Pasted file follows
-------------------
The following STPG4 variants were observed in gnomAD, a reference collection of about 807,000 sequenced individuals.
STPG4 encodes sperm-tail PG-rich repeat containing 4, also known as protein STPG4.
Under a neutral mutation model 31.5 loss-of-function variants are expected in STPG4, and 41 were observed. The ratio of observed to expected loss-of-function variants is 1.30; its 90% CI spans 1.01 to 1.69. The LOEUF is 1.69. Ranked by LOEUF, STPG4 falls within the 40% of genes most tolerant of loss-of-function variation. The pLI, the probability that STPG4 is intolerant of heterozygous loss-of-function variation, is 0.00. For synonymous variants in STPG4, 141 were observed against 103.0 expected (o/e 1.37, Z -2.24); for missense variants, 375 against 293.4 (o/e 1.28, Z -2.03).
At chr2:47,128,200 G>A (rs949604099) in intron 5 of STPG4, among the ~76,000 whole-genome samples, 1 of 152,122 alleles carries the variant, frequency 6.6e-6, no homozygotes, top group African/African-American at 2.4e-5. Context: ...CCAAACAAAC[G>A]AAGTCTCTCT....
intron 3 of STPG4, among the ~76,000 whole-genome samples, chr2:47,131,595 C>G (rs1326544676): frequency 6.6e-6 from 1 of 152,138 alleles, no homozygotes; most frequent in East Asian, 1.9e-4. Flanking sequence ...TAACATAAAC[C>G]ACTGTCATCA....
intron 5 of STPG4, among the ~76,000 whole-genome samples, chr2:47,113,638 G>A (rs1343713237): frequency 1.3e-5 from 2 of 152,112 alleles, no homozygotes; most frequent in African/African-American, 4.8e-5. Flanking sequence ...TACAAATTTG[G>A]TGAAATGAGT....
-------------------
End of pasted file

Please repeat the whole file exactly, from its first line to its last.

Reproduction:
The following STPG4 variants were observed in gnomAD, a reference collection of about 807,000 sequenced individuals.
STPG4 encodes sperm-tail PG-rich repeat containing 4, also known as protein STPG4.
Under a neutral mutation model 31.5 loss-of-function variants are expected in STPG4, and 41 were observed. The ratio of observed to expected loss-of-function variants is 1.30; its 90% CI spans 1.01 to 1.69. The LOEUF is 1.69. Ranked by LOEUF, STPG4 falls within the 40% of genes most tolerant of loss-of-function variation. The pLI, the probability that STPG4 is intolerant of heterozygous loss-of-function variation, is 0.00. For synonymous variants in STPG4, 141 were observed against 103.0 expected (o/e 1.37, Z -2.24); for missense variants, 375 against 293.4 (o/e 1.28, Z -2.03).
At chr2:47,128,200 G>A (rs949604099) in intron 5 of STPG4, among the ~76,000 whole-genome samples, 1 of 152,122 alleles carries the variant, frequency 6.6e-6, no homozygotes, top group African/African-American at 2.4e-5. Context: ...CCAAACAAAC[G>A]AAGTCTCTCT....
intron 3 of STPG4, among the ~76,000 whole-genome samples, chr2:47,131,595 C>G (rs1326544676): frequency 6.6e-6 from 1 of 152,138 alleles, no homozygotes; most frequent in East Asian, 1.9e-4. Flanking sequence ...TAACATAAAC[C>G]ACTGTCATCA....
intron 5 of STPG4, among the ~76,000 whole-genome samples, chr2:47,113,638 G>A (rs1343713237): frequency 1.3e-5 from 2 of 152,112 alleles, no homozygotes; most frequent in African/African-American, 4.8e-5. Flanking sequence ...TACAAATTTG[G>A]TGAAATGAGT....